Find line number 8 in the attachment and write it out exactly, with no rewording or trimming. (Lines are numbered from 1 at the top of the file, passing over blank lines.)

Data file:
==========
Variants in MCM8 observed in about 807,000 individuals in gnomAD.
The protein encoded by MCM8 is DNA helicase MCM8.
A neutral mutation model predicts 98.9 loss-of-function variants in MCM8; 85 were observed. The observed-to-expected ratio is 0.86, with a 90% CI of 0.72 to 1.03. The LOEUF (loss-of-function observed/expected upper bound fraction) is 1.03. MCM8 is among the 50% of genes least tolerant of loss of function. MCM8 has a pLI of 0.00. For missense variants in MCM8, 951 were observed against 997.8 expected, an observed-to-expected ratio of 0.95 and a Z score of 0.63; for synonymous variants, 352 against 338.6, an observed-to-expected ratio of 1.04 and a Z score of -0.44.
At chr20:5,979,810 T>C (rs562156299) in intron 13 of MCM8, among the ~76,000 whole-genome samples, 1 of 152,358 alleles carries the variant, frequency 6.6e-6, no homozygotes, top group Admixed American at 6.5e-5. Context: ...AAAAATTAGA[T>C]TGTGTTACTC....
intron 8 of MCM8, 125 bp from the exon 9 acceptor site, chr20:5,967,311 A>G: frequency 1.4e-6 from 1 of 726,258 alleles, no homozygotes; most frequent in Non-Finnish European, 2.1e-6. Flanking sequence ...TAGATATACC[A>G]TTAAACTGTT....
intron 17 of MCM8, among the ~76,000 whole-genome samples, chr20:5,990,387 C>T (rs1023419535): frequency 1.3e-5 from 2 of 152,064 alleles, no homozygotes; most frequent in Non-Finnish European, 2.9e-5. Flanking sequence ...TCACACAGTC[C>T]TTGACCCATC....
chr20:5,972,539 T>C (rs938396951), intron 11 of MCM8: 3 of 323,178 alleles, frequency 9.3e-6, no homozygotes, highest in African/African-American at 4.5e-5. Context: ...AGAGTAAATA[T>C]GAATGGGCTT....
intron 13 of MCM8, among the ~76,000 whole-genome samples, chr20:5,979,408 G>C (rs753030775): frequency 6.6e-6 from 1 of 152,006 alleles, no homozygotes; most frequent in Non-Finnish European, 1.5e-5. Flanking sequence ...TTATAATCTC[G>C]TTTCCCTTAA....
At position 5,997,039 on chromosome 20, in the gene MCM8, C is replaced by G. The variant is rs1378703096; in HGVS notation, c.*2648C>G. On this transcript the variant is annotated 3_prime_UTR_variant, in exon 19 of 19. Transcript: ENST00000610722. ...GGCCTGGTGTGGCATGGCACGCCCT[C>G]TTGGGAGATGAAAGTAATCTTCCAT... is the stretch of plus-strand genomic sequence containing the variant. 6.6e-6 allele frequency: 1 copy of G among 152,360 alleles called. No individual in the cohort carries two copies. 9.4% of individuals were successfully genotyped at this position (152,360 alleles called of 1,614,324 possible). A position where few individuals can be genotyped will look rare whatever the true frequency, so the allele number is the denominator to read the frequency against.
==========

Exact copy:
intron 13 of MCM8, among the ~76,000 whole-genome samples, chr20:5,979,408 G>C (rs753030775): frequency 6.6e-6 from 1 of 152,006 alleles, no homozygotes; most frequent in Non-Finnish European, 1.5e-5. Flanking sequence ...TTATAATCTC[G>C]TTTCCCTTAA....